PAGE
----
BRUSSELS, May 3: The European Union today broke off talks on closer ties with Serbia over its failure to arrest and transfer fugitive genocide suspect Ratko Mladic to the UN war crimes tribunal.
Announcing the move, Enlargement Commissioner Olli Rehn said it was necessary to apply ''rigorous conditionality'' to countries aspiring to EU membership, a message intended to reverberate across the Balkans and reassure EU citizens.
Serbian Prime Minister Vojislav Kostunica insisted his government had done all it could to bring the former Bosnian Serb military commander to justice and Mladic was now on the run alone after his support network had been smashed.
''In view of the fact that his entire network of helpers has been uncovered, Ratko Mladic is now hiding completely alone. The question now is ... to discover where he is hiding,'' he said in a statement.
Rehn said Brussels had made clear last year that Serbia's full cooperation with the Hague tribunal was needed to conclude talks last year on a Stabilisation and Association Agreement -- the first step towards eventually joining the EU.
He received a detailed update today from chief UN war crimes prosecutor Carla del Ponte, who had urged the EU to take a tough stance.
Del Ponte told a news conference in the Netherlands that Serbia had misled her when it promised to hand Mladic over to the UN tribunal last month, a deadline set by the EU.
Rehn said: ''It is disappointing that Belgrade has been unable to locate, arrest and transfer Ratko Mladic to the Hague.
''The Commission therefore has to call off the negotiations on the Stabilisation and Association Agreement.''
The former Bosnian Serb military commander is charged with genocide over the 1995 Srebrenica massacre of 8,000 Bosnian Muslims -- Europe's worst atrocity since World War Two -- and over the 10,000 deaths in the 1992-95 siege of Sarajevo.
''DRAMATIC IMPROVEMENT NEEDED''
The next round of talks had been due on May 11.
''This issue is about the rule of law, Serbia must show that nobody is above the law and that anyone indicted for serious crimes will face justice,'' Rehn said. ''The armed forces and the security services need to be fully under democratic control.'' It was still possible to conclude the association agreement by the year-end as planned, but only if there was a ''dramatic improvement'' in cooperation with the tribunal that would allow resumption of talks, he said.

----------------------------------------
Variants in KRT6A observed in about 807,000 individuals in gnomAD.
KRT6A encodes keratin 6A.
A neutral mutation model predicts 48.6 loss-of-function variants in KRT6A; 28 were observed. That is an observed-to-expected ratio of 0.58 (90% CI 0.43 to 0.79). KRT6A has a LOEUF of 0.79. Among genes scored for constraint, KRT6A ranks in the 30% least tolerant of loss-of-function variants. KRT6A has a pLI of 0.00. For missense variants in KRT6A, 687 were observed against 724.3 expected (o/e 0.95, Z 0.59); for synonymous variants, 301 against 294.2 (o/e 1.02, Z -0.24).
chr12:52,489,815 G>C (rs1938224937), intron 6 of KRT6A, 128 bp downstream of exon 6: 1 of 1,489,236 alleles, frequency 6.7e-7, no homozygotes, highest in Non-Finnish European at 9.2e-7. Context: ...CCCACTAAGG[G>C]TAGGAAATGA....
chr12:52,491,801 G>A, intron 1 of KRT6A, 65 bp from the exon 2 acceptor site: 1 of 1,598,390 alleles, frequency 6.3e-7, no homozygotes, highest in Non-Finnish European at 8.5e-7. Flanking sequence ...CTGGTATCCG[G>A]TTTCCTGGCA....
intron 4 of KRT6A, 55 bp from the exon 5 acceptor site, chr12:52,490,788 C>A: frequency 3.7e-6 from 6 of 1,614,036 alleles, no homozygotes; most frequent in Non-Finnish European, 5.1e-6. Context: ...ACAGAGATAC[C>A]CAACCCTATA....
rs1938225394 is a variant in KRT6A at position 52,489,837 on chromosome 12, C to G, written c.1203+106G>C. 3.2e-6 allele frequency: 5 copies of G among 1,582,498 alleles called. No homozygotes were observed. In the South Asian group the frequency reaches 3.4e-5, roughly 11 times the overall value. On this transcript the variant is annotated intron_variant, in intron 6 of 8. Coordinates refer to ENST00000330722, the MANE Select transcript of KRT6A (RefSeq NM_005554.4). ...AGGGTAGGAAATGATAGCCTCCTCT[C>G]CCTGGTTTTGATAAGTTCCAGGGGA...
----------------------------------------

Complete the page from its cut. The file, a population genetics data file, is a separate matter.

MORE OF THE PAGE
The EU move sends a strong signal to other Balkan states aspiring to EU accession that the bloc is serious about conditions it sets for membership.
It comes at a time when plans to enlarge the 25-member bloc have come under considerable strain and the executive Commission faces pressure to slow the process following the rejection of an EU constitution by French and Dutch voters last year.
Today's Belgrade dailies treated the suspension of talks as a foregone conclusion. ''Europe punishes Serbia,'' was one headline.
The head of Serbia's office for cooperation with the Hague, Rasim Ljajic, told the daily Politika that suspension of talks would not end efforts to deliver Mladic.
''I have to say that in the case of Ratko Mladic we are waging a double battle -- with time and with the fact that the fugitive general is hiding himself very well,'' Ljajic said.
The liberal daily Danas said Serbia would be ''be labelled a lying country in which those whom every other country and people would renounce with loathing may find a certain refuge''.
Greece, one of Serbia's closest traditional allies, urged it to deliver Mladic to claim its rightful place in Europe.
''We believe that the commitments of Serbia towards the ICTY must be met,'' its Foreign Minister Dora Bakoyanni said after a meeting of Balkan counterparts, including Serbia. ''But let me stress that Serbia has an important place in tomorrow's Europe.''